Etchings- A Discovery

Albrecht Dürer, "St. Christopher Facing Left, 1521", Etching
Albrecht Dürer, "St. Christopher Facing Left, 1521", Etching

Introduction

Every artist experiments with etchings and they comprise a main segment of a majority of famous artist’s oeuvres, yet the process has always seemed so abstract to me. They are beautifully detailed works that highlight form, light, and shadow with the power to draw a wide range of emotions, so why does the process itself seem complicated? From Old Masters such as Rembrandt and Dürer who excelled in the emotionally provocative etching to the more Modern Masters of Picasso, Matisse, and Renoir who excelled in form etchings are timeless, so I sought out to teach myself and share what I found.

Source
Source
Renoir, "La danse à la campagne (The Dance in the Country)", Etching
Renoir, "La danse à la campagne (The Dance in the Country)", Etching

Etching Process

The process is a detailed and time consuming one as to create an etching, thin copper plates are heated and covered with a thin acid-resistant ground. This allows for incised lines to be etched onto the plate through nitric acid that has been diluted with water which bites down into the plate allowing for the exposed lines to take hold. After the lines are created, the plate is washed and scratches and mistakes are checked for. If any are found the process is started over and if the plate is as desired, then it is cleaned, warmed, and dabbed with brown or black printer's ink. The surface ink is then wiped off, leaving ink only in the exposed etched lines. The plate, placed on damped paper, is then pulled under pressure through the printing press and the final image is printed out in reverse, ready to be enjoyed.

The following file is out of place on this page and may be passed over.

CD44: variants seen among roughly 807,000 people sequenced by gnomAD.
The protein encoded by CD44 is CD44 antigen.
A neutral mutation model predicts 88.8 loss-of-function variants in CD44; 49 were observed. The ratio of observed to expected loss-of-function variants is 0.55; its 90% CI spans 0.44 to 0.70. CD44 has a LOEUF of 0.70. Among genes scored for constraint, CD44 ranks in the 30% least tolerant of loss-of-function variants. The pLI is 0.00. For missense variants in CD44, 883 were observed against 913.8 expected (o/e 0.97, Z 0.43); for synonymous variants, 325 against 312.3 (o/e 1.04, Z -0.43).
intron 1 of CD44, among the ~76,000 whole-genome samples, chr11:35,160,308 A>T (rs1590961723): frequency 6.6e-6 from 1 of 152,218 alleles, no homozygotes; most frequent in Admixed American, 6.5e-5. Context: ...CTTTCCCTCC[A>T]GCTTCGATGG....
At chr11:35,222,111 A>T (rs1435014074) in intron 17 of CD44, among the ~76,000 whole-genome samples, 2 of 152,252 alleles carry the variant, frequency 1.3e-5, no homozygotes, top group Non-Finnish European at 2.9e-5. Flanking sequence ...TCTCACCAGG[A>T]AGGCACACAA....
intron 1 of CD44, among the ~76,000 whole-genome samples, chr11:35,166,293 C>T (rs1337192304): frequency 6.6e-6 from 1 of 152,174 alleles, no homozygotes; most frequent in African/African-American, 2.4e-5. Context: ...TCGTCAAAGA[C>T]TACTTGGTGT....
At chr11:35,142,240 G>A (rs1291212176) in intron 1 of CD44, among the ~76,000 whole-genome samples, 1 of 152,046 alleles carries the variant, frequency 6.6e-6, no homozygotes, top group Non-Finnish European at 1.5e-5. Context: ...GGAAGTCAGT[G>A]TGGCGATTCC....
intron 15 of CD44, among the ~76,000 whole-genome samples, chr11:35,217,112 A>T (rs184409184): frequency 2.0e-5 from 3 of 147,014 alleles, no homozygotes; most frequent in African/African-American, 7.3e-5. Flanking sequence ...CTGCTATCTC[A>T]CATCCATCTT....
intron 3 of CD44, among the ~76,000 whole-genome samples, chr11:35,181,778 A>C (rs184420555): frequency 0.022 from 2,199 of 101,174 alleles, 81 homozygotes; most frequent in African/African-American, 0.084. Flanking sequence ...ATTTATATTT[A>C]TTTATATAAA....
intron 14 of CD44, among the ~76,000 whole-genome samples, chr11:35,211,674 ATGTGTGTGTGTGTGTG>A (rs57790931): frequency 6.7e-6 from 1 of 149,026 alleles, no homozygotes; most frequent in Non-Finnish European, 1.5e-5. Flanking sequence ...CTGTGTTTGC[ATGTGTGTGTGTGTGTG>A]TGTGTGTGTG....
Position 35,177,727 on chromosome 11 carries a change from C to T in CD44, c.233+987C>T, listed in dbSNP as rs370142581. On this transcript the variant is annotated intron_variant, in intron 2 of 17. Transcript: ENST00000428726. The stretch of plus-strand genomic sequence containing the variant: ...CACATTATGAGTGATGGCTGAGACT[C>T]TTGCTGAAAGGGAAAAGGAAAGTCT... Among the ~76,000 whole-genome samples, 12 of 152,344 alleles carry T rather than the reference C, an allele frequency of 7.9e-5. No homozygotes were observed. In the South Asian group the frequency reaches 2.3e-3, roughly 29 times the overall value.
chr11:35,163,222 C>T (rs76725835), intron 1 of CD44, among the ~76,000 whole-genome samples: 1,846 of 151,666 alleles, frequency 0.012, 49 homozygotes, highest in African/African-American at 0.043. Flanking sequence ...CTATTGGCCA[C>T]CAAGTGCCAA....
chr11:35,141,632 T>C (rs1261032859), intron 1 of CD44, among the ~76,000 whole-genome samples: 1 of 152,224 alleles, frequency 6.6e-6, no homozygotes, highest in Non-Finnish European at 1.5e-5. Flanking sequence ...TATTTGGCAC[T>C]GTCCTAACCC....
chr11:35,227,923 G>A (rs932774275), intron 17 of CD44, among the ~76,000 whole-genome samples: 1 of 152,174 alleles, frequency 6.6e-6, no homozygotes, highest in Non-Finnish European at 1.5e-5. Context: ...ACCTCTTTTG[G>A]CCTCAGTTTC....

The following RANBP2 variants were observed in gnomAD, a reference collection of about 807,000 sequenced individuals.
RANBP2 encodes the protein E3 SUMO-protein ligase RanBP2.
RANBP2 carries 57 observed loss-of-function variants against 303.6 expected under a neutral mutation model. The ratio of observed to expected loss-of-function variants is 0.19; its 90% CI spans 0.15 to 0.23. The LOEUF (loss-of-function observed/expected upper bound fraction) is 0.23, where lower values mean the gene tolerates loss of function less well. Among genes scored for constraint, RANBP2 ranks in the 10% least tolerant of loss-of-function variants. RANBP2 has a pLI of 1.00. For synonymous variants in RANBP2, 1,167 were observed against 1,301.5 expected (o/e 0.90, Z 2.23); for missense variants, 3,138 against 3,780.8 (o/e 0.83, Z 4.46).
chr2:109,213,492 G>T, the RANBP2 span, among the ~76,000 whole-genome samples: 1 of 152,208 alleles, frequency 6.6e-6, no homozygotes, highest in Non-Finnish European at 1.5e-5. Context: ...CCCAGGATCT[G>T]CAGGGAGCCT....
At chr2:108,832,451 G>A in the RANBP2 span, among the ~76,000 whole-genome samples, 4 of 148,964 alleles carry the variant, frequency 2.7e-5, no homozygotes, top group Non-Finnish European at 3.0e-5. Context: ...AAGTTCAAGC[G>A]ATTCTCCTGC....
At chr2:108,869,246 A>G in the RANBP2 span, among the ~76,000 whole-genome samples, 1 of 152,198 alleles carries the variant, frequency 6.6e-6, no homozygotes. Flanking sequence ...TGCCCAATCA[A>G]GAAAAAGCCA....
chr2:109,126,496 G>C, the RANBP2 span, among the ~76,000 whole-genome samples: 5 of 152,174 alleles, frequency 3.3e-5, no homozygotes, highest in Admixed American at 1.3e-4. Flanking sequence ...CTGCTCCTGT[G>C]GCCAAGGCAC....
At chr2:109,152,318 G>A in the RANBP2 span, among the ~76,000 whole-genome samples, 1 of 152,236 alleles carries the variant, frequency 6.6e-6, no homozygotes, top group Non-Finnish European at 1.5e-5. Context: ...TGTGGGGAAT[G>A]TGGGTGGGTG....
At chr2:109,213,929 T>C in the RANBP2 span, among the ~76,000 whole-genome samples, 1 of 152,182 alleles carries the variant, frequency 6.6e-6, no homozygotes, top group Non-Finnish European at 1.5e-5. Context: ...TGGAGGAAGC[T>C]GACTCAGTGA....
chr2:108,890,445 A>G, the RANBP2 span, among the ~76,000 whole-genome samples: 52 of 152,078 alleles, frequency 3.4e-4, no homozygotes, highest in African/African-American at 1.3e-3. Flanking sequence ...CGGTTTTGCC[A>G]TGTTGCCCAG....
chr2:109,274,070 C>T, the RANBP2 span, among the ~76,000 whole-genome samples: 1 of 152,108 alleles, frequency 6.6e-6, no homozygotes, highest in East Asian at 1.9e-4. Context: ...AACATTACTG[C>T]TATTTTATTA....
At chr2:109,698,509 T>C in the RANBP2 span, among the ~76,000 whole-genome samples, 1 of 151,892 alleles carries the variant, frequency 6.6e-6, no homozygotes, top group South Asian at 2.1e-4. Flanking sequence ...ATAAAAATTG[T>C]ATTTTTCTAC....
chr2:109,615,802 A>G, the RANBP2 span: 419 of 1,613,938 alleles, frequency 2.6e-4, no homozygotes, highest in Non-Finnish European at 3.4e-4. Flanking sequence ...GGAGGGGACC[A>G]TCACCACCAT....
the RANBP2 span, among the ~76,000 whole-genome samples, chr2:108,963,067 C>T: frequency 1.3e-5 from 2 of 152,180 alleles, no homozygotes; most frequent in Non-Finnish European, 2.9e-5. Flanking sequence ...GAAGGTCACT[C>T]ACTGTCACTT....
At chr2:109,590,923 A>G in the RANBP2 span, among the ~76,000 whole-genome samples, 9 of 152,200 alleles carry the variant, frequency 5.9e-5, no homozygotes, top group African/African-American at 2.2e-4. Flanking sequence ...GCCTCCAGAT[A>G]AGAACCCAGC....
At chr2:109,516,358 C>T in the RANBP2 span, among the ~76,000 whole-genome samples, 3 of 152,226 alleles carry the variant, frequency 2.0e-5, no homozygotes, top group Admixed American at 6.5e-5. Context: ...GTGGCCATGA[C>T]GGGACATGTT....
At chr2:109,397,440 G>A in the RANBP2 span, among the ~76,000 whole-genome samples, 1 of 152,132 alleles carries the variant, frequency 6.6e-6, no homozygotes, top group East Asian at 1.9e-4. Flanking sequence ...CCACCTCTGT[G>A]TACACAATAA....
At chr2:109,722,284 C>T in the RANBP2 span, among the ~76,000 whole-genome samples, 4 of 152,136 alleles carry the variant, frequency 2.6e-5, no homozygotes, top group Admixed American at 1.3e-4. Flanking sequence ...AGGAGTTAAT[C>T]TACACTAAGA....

There is a subcategory that exists of etching called drypoint in which the drawing is done directly on the plate with a needle, which throws up a metal ridge or 'burr'. Any additions or changes that were made in the etching or drypoint process from the original one produced a new 'state' of the etching, which is what Old Master etchings are commonly referenced as.

In each etching there will be an indent (the plate mark), which shows where the plate was pressed into the paper. The first prints from a plate are often called proofs and all prints are known as impressions. A set of etchings, limited in number, could be published as an edition, by the artist or dealer. When enough impressions have been pulled from a plate, it is cancelled by drypoint lines or acid, and some impressions are printed to prove that it has been cancelled.

Pablo Picasso," Mère et enfant (Mother and Child)", Etching and Aquatint
Pablo Picasso," Mère et enfant (Mother and Child)", Etching and Aquatint | Source

Etching and Picasso

An intricate process as one can see, but a process that allows for the artist to maintain control over their work which is why I discovered the process appealed to Picasso in specific. The method involves skill, craftsmanship, and dedication, and Picasso embraced it wholeheartedly. Experimenting not only with drypoint but with aquatint as well, which is a technique used to produce several tones by varying the etching time of different areas of a metal plate so that the resulting print resembles the tint of an ink wash or drawing. A true master of the graphic arts of the 20st century, if Picasso can fall I love with it, then why can’t we all?

Rembrandt , "The Hundred Guilder Print (Christ Healing the Sick), c. 1649", Drypoint and Etching
Rembrandt , "The Hundred Guilder Print (Christ Healing the Sick), c. 1649", Drypoint and Etching | Source

10 Great Masters of Etching YouTube Video

A great video from You Tuber Laurens Lammers that I have to agree with

Interested in Making Your Own Drypoint?

This video shows the steps involved in drypoint. Susan Rostow creates her image on an Akua Printmaking Plate, which is then printed using Akua Intaglio Inks and Wiping Fabric. With this technique, she can make a small edition of 20 prints.

More by this Author


No comments yet.

    Sign in or sign up and post using a HubPages Network account.

    0 of 8192 characters used
    Post Comment

    No HTML is allowed in comments, but URLs will be hyperlinked. Comments are not for promoting your articles or other sites.


    Click to Rate This Article
    working